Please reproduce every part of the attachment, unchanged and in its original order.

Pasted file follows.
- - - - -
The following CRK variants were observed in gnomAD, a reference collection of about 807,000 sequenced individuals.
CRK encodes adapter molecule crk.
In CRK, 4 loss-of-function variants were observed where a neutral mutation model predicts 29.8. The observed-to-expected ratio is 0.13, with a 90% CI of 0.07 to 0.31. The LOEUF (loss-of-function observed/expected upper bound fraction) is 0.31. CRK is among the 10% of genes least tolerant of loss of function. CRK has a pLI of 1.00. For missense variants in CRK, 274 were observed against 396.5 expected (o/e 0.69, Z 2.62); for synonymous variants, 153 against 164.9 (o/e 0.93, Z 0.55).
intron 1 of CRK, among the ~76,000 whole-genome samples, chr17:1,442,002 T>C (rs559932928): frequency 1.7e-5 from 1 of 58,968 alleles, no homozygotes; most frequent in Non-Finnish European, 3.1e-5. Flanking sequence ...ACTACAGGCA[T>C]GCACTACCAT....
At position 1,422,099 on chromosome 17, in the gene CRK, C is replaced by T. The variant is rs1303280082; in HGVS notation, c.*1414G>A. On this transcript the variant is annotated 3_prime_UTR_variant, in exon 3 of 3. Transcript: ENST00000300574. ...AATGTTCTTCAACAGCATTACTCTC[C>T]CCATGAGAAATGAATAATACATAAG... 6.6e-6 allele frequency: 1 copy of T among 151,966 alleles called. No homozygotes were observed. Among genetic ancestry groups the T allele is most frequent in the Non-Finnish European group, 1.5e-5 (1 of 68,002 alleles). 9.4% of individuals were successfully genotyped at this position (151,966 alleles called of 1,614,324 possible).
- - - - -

The following CRK variants were observed in gnomAD, a reference collection of about 807,000 sequenced individuals.
CRK encodes adapter molecule crk.
In CRK, 4 loss-of-function variants were observed where a neutral mutation model predicts 29.8. The observed-to-expected ratio is 0.13, with a 90% CI of 0.07 to 0.31. The LOEUF (loss-of-function observed/expected upper bound fraction) is 0.31. CRK is among the 10% of genes least tolerant of loss of function. CRK has a pLI of 1.00. For missense variants in CRK, 274 were observed against 396.5 expected (o/e 0.69, Z 2.62); for synonymous variants, 153 against 164.9 (o/e 0.93, Z 0.55).
intron 1 of CRK, among the ~76,000 whole-genome samples, chr17:1,442,002 T>C (rs559932928): frequency 1.7e-5 from 1 of 58,968 alleles, no homozygotes; most frequent in Non-Finnish European, 3.1e-5. Flanking sequence ...ACTACAGGCA[T>C]GCACTACCAT....
At position 1,422,099 on chromosome 17, in the gene CRK, C is replaced by T. The variant is rs1303280082; in HGVS notation, c.*1414G>A. On this transcript the variant is annotated 3_prime_UTR_variant, in exon 3 of 3. Transcript: ENST00000300574. ...AATGTTCTTCAACAGCATTACTCTC[C>T]CCATGAGAAATGAATAATACATAAG... 6.6e-6 allele frequency: 1 copy of T among 151,966 alleles called. No homozygotes were observed. Among genetic ancestry groups the T allele is most frequent in the Non-Finnish European group, 1.5e-5 (1 of 68,002 alleles). 9.4% of individuals were successfully genotyped at this position (151,966 alleles called of 1,614,324 possible).